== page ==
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What You Did Not Tell: A Russian Past and the Journey Home
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What You Did Not Tell: A Russian Past and the Journey Home

3.95  ·  Rating details ·  113 ratings  ·  17 reviews
A warm and intimate memoir by an acclaimed historian that explores the European struggles of the twentieth century through the lives, hopes, and dreams of a single family—his own.

Uncovering his family’s remarkable and moving stories, Mark Mazower recounts the sacrifices and silences that marked a generation and their descendants. It was a family that fate drove into the si
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Hardcover, 336 pages
Published October 17th 2017 by Other Press (NY)
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Susan
Oct 22, 2017 rated it it was amazing
Shelves: vine
This is a moving, and warm, memoir, telling the story of the author’s father, primarily, as well as his wider family. Although life for Mark Mazower was safely contained within the leafy suburb of Highgate, where he grew up, he recalled his father speaking fluent Russian on the phone. He was aware of this other life his family had formerly inhabited. As his father grew older, he attempted to record his memories and, sadly, after his father died, he then began to explore his family heritage.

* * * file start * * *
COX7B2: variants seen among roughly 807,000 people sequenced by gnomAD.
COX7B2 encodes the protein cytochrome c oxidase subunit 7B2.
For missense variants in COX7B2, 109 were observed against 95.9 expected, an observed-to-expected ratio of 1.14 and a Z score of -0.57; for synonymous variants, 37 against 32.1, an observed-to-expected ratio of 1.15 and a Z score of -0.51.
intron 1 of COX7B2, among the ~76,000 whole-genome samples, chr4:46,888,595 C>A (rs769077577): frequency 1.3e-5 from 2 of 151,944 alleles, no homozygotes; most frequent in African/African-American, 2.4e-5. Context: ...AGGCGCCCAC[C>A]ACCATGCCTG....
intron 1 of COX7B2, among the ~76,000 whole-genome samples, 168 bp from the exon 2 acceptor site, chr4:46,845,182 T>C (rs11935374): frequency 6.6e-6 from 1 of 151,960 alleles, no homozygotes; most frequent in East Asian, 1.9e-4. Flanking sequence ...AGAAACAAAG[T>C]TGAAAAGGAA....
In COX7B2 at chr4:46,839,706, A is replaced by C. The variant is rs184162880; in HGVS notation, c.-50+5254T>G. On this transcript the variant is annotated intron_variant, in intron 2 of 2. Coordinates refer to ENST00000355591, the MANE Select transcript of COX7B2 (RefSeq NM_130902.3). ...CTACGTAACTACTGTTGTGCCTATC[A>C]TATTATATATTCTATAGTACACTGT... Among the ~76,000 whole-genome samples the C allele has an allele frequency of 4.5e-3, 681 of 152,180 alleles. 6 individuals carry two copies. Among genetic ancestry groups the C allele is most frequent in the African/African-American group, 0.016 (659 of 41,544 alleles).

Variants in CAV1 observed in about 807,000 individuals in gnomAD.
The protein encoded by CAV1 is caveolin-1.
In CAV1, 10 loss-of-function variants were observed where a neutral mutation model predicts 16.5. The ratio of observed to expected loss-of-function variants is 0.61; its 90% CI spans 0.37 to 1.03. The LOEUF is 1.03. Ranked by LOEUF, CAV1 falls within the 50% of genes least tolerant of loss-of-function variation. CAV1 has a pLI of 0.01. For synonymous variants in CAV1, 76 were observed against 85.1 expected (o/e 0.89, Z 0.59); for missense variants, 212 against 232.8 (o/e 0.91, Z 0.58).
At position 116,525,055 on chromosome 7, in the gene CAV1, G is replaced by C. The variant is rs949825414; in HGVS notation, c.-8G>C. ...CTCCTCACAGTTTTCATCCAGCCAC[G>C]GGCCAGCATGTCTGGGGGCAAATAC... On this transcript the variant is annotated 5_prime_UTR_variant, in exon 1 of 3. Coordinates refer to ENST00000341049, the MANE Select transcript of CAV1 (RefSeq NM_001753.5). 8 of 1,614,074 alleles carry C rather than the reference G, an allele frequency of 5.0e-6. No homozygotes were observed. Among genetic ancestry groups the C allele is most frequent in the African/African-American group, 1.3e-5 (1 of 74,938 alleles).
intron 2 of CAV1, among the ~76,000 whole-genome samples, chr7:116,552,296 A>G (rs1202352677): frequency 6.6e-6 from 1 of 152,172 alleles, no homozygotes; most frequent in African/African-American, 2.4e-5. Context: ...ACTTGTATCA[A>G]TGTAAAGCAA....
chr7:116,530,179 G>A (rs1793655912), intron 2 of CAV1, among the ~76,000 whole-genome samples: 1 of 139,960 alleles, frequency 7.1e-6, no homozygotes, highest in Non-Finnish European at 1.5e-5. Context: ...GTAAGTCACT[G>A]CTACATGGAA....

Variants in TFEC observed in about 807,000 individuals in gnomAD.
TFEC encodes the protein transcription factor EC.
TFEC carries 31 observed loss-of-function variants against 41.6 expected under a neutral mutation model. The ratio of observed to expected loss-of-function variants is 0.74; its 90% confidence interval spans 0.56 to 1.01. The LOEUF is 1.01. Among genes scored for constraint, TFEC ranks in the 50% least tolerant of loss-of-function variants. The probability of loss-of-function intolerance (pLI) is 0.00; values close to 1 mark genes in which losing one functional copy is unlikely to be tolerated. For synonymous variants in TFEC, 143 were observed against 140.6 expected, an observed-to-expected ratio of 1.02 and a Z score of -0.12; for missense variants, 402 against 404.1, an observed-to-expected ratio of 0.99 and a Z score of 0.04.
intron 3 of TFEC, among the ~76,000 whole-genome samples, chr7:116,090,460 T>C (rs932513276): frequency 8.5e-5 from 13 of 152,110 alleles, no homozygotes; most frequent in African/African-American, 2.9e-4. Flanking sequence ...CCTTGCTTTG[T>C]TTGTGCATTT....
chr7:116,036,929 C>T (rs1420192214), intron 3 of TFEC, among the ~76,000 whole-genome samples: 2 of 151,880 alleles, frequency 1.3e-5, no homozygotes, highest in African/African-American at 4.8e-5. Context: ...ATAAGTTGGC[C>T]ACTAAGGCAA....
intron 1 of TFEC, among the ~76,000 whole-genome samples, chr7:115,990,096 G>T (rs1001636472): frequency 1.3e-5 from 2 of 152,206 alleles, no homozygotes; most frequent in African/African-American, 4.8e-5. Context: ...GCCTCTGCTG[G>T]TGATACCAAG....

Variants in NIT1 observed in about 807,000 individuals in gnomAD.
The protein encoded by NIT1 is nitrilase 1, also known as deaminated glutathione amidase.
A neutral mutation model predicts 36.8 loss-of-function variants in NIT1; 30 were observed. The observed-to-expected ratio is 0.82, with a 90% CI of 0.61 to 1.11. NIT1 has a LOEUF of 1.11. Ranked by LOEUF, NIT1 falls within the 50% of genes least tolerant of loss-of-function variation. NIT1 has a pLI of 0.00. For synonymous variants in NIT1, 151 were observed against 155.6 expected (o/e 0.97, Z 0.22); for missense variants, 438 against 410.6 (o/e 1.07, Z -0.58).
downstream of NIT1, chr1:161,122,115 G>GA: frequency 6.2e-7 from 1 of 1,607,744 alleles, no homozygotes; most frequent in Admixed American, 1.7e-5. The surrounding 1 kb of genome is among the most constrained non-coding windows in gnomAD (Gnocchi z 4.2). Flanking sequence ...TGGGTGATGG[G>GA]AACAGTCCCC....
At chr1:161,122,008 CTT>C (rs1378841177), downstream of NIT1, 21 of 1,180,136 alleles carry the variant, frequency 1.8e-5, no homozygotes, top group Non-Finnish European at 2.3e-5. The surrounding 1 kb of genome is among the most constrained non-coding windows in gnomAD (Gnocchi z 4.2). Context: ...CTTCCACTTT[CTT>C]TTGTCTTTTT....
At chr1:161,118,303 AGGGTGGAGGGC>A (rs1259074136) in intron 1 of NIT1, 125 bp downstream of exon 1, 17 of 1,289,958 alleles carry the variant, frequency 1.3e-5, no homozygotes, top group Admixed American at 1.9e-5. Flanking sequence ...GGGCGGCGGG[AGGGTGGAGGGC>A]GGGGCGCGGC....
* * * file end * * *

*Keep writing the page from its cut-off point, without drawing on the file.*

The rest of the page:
Mark
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Athan Tolis
Dec 20, 2017 rated it it was amazing
Shelves: biography, history
Hot on the heels of Philippe Sands’ “East West Street” (which was for many the best book of 2016) historian Mark Mazower literally follows up with his own exploration of his paternal grandparents’ roots in the Pale region of Tsarist Russia and treks with them from the part of the world we now call Latvia / Belarus / Ukraine all the way to London.

The background story here is the birth of Socialism in Tsarist Russia, and it’s told from the angle of the author’s grandfather, Max Mazower, an importa
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Mandy
Dec 29, 2017 rated it really liked it